Furthermore, John Stossel — who has been an investigative reporter for decades — called out on the “tyranny” and “stupidity” of recycling with the following two videos:

Yes, Hope Does Exist For Recycling Plastic

Although recycling plastic does seem to help — even if at only slightly greater than 8.66 percent — some innovative thinking has led to one promising effort: paving roads and highways with plastic.

“A road running through Accra, Ghana’s capital, looks like any other blacktop. Yet what most drivers don’t realize is that the asphalt under them contains a slurry of used plastics — shredded and melted bags, bottles, and snack wraps — that otherwise were destined for a landfill”, according to this article written by Ann Parson of Yale School for the environment. “The impetus for many similar road projects underway in Ghana was an ambitious plan announced by President Akufo-Addo in 2018. It calls for Ghanaians to strive for a circular model, to recycle and reuse as much plastic waste as they produce each year — roughly 1.1 million tons — by 2030.”

At only approximately five percent of plastics which are recycled, Ghana — which is one of the 54 countries which comprise the continent of Africa — apparently has a worse percentage than the United States; and because only 23 percent of the entire road network in Ghana was paved as of January of 2019, paving roads with plastic that would otherwise find its way into a landfill or burnt would actually help towards solving two problems simultaneously.

I have driven on many unpaved roads in several countries in Africa. I intend to document my experience in Lesotho as an example in a future article. Having paved roads would obviously have been easier on which to drive.

Summary

plastic shopping bag
Photograph ©2017 by Brian Cohen.

Only approximately nine percent of the 350 million tons of plastic which humans produce each year is recycled — and the problem is that no tangible value can be realized by the average everyday man, woman, or child…

…but once a value is placed on used plastic or some other material which would otherwise be considered worthless, more people will be incentivized to repurpose it. One example is used cooking oil which was disposed by restaurants — until vehicles were manufactured which could use it as fuel; and diesel engines can supposedly operate on used vegetable oil — but operating motor vehicles with used vegetable oil may not be legal, according to this article from the Environmental Protection Agency of the United States:

Raw vegetable oil or recycled greases (also called waste cooking oil) that have not been processed into esters are not biodiesel, and are not registered by EPA for legal use in motor vehicles. Because of the potential for increased emissions from a vehicle, it is considered unlawful tampering to convert a vehicle designed for diesel fuel to operate on waste cooking oil without EPA certification. To date, EPA has not certified any such conversions. These conversions may also violate the terms of the vehicle warranty.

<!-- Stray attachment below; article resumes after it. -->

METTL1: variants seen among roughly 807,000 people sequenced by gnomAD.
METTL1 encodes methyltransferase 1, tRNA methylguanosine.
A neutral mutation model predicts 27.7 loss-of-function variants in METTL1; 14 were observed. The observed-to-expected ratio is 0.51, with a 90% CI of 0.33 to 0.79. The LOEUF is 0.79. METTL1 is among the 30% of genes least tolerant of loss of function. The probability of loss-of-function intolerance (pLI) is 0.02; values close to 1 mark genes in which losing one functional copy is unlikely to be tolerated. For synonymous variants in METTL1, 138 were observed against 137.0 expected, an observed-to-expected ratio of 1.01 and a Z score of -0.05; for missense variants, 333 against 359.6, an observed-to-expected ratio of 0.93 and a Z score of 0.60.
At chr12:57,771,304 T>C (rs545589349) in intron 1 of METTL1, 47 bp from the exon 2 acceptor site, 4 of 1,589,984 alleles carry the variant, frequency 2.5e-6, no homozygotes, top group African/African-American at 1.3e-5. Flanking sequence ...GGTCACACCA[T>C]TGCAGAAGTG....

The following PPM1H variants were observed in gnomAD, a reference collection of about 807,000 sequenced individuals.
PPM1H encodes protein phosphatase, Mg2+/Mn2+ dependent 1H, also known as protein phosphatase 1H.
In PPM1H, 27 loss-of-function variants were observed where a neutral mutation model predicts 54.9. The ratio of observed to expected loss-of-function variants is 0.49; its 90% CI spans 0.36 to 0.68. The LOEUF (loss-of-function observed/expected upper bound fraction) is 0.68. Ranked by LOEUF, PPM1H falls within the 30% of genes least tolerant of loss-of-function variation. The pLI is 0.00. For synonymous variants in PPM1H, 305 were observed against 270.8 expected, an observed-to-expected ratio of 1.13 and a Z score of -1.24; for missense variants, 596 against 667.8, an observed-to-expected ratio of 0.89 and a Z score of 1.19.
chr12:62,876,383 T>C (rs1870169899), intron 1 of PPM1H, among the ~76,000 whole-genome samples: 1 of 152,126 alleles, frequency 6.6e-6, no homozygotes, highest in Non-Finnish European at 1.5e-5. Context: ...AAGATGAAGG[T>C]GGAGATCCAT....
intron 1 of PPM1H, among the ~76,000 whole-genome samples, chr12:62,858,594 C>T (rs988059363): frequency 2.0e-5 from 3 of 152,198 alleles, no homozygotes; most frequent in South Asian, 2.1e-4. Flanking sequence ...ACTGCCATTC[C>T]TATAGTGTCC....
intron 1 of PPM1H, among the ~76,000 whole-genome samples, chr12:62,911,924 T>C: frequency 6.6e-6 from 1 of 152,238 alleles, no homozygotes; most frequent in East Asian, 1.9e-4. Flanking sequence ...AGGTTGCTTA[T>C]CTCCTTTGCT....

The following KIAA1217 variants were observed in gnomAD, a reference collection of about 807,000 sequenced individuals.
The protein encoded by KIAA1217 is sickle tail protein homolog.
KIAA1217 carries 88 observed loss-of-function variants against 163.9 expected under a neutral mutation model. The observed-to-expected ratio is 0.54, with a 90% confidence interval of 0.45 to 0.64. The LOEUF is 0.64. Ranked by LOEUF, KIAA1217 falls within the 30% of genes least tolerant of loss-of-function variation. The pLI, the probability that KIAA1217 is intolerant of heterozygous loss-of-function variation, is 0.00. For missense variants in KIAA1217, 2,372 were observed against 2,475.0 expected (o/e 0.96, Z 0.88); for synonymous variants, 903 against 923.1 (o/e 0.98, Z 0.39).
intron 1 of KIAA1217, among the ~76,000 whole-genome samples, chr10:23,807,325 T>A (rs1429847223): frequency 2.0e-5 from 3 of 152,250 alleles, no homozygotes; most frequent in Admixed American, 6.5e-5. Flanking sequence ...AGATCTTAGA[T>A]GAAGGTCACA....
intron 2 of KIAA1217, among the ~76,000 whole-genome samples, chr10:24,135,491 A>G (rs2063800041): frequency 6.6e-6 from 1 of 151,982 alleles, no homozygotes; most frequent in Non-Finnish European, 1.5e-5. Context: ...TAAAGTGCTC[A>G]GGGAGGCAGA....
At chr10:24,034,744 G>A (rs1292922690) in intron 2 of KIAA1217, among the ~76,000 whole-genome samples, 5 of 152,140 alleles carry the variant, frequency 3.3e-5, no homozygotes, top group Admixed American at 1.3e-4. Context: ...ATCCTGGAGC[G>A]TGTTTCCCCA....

Likewise, guests at hotel and resort properties who prefer using single use bottles of toiletries, straws, and other items manufactured out of plastic which are intended to be used only once or a few times may not see the value proposition of using bulk dispensers of products instead in order to reduce the footprint of pollution which is caused by plastic.

One of the 37 bills which Gavin Newsom signed into law as of Wednesday, October 9, 2019 was a bill to ban personal care products in the form of miniature plastic toiletry bottles — which contain fewer than 12 ounces of liquid product — from lodging establishments in California to become effective as of Sunday, January 1, 2023. Only eight days earlier, the state of New York announced the intent in seeking to enact a similar law.

As I wrote in this article last year, my preference is to have the choice of whether or not I want the small containers of toiletries — reasons which both support and oppose them are listed in this article — but I am likely in the minority regarding that opinion…

Souq Muttrah Corniche Muscat Oman
Photograph ©2015 by Brian Cohen.

…and while I am not panicking about “global warming” and fearing the catastrophic effects to the environment which some people claim will occur, I believe we should do everything we can — within reason and within our power — to control the amount of pollution caused by plastic. For example, I prefer to purchase small souvenirs from other countries rather than souvenirs which are stamped out by some production line in some faraway country which offers little value, in my opinion — which was one of the three reasons which I did not like the souq at Muttrah Corniche in Muscat in Oman. You can find out nine other tips pertaining to purchasing souvenirs in this article.

Water jugs
Photograph ©2016 by Brian Cohen.

I also attempt to repurpose items which may otherwise wind up in a landfill or burnt. For example, I use clean jugs for drinking water to reclaim water which would otherwise be wasted.

Other articles pertaining to plastic waste and recycling include: